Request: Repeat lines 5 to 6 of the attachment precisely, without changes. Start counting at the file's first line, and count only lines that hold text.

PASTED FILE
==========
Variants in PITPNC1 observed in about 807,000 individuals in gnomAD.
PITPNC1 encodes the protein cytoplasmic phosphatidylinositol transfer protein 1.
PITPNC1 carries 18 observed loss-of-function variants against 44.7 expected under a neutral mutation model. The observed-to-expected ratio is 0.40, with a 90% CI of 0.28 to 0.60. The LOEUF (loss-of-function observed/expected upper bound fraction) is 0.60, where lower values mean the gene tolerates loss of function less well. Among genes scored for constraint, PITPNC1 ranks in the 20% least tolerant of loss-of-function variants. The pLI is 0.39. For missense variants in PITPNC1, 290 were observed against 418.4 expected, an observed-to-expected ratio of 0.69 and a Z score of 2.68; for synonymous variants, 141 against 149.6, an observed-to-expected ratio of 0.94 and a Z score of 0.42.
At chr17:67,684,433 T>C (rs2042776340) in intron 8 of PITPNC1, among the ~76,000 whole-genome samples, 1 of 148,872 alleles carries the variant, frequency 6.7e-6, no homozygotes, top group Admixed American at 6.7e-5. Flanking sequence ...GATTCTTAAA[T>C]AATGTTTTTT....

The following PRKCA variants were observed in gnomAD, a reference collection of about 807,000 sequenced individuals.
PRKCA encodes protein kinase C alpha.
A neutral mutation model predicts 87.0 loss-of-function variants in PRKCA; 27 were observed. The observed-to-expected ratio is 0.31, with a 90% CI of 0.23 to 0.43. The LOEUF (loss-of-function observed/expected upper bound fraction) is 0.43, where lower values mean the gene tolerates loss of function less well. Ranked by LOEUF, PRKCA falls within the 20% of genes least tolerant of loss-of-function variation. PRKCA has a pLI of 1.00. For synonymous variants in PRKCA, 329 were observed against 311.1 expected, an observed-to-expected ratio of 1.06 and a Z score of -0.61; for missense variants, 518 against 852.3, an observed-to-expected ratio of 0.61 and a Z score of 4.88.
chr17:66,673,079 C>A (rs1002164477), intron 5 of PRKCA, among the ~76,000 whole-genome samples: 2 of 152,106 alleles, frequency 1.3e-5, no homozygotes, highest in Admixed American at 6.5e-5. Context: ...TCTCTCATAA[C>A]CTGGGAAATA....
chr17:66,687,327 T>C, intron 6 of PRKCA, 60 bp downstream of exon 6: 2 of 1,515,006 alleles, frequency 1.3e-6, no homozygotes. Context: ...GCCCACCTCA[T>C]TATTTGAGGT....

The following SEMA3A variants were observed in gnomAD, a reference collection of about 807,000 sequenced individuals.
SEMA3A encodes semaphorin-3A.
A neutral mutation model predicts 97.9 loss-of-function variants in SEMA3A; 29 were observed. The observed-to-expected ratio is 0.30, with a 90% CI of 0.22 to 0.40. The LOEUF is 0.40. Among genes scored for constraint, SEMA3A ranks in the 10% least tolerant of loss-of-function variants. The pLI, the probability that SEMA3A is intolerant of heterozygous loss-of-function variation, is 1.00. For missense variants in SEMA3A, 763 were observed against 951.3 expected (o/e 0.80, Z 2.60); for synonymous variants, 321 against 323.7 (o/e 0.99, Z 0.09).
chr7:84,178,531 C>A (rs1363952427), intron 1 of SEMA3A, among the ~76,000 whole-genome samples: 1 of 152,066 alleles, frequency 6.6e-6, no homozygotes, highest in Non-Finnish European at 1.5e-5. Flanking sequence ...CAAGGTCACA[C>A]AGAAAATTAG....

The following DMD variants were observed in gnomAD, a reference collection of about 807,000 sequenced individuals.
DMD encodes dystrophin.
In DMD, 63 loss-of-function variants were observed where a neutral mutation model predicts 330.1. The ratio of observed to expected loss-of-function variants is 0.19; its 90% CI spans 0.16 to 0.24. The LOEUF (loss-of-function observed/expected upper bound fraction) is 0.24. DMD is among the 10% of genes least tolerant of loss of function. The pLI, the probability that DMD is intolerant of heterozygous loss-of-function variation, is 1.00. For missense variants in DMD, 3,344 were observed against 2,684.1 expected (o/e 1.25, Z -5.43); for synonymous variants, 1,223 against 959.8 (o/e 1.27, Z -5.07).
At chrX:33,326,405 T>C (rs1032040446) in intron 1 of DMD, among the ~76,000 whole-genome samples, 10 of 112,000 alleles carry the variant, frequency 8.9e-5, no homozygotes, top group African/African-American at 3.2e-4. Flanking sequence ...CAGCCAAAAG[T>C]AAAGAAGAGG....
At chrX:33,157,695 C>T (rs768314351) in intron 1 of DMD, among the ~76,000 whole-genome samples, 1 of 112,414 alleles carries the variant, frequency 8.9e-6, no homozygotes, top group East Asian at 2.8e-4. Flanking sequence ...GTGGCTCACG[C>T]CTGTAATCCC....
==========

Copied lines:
The following PRKCA variants were observed in gnomAD, a reference collection of about 807,000 sequenced individuals.
PRKCA encodes protein kinase C alpha.